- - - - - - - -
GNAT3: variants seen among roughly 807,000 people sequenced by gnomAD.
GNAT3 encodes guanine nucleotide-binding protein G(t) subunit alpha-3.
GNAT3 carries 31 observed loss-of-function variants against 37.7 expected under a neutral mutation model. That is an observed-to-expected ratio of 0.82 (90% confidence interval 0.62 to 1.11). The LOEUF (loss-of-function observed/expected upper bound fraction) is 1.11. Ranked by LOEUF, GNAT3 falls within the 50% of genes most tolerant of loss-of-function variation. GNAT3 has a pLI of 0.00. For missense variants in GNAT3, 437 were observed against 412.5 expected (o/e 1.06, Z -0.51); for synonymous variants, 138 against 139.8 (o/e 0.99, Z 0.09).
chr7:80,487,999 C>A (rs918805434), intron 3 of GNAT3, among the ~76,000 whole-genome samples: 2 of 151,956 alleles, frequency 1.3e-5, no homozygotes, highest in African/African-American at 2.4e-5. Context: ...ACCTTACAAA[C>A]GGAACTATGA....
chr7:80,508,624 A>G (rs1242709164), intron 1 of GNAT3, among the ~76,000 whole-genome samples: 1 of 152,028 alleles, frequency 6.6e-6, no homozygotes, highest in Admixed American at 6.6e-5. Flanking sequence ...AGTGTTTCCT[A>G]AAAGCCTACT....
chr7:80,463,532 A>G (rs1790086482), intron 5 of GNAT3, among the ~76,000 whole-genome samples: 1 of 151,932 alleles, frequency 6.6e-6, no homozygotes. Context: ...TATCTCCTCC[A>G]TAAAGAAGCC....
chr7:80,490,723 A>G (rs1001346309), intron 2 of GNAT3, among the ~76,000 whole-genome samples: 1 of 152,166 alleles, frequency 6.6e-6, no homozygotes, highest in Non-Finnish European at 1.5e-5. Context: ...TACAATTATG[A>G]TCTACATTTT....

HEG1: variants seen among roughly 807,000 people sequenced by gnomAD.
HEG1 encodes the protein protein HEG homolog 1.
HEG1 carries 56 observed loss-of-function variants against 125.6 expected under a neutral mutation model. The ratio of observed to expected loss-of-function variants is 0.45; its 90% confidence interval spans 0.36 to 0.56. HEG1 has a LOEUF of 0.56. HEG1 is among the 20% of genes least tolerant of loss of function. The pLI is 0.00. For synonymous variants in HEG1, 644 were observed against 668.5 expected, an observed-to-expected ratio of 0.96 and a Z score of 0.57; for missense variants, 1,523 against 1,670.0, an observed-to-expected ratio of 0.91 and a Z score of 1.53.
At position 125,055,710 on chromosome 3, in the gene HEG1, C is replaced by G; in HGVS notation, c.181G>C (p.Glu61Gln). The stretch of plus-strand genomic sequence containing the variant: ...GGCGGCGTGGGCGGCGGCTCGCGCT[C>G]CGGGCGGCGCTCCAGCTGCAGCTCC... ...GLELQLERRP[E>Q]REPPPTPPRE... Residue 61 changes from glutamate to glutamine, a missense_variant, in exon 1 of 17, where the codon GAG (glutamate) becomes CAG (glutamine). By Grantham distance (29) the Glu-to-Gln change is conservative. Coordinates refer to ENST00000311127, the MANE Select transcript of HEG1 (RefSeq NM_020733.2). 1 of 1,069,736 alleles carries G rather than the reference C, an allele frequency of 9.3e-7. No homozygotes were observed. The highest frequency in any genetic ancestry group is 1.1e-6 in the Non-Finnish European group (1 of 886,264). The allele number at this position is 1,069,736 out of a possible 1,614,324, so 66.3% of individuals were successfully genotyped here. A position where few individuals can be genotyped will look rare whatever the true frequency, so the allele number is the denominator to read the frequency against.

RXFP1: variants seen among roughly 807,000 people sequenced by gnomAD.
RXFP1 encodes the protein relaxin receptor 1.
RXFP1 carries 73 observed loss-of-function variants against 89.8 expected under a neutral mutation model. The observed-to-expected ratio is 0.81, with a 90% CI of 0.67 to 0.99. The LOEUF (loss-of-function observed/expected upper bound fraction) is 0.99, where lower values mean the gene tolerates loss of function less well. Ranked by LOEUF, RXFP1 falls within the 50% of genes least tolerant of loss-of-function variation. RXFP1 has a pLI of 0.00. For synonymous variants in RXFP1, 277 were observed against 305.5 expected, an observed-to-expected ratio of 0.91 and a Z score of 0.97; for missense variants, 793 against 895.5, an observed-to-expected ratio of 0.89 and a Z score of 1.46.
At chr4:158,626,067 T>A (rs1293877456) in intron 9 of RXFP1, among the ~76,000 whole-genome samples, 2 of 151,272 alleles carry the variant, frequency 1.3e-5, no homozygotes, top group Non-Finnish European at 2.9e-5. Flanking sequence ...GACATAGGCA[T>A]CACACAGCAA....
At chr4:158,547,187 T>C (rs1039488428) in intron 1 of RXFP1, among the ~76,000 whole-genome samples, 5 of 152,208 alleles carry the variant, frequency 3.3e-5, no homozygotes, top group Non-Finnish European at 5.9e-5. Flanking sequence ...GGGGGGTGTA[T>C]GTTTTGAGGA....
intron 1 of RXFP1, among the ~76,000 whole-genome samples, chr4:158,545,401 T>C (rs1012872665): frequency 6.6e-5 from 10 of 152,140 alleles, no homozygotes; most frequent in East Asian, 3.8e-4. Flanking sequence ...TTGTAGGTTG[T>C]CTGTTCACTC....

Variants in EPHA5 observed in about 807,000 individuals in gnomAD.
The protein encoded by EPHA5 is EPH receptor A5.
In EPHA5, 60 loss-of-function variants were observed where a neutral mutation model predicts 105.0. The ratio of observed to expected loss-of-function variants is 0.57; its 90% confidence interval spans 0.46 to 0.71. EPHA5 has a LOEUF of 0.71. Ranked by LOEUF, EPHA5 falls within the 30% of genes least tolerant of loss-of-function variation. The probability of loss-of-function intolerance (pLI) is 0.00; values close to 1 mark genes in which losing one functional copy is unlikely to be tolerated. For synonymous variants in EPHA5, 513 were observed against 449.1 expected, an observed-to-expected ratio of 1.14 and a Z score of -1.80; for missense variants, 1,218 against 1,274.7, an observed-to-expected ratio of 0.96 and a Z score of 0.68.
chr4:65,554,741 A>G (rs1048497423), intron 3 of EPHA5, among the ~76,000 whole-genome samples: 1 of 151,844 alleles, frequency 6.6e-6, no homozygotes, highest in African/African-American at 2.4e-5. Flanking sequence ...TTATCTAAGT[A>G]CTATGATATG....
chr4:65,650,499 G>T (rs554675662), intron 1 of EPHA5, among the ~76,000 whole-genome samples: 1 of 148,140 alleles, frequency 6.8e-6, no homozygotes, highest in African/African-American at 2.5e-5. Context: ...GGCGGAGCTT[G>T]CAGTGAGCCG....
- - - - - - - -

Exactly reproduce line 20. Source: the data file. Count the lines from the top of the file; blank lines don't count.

In EPHA5, 60 loss-of-function variants were observed where a neutral mutation model predicts 105.0. The ratio of observed to expected loss-of-function variants is 0.57; its 90% confidence interval spans 0.46 to 0.71. EPHA5 has a LOEUF of 0.71. Ranked by LOEUF, EPHA5 falls within the 30% of genes least tolerant of loss-of-function variation. The probability of loss-of-function intolerance (pLI) is 0.00; values close to 1 mark genes in which losing one functional copy is unlikely to be tolerated. For synonymous variants in EPHA5, 513 were observed against 449.1 expected, an observed-to-expected ratio of 1.14 and a Z score of -1.80; for missense variants, 1,218 against 1,274.7, an observed-to-expected ratio of 0.96 and a Z score of 0.68.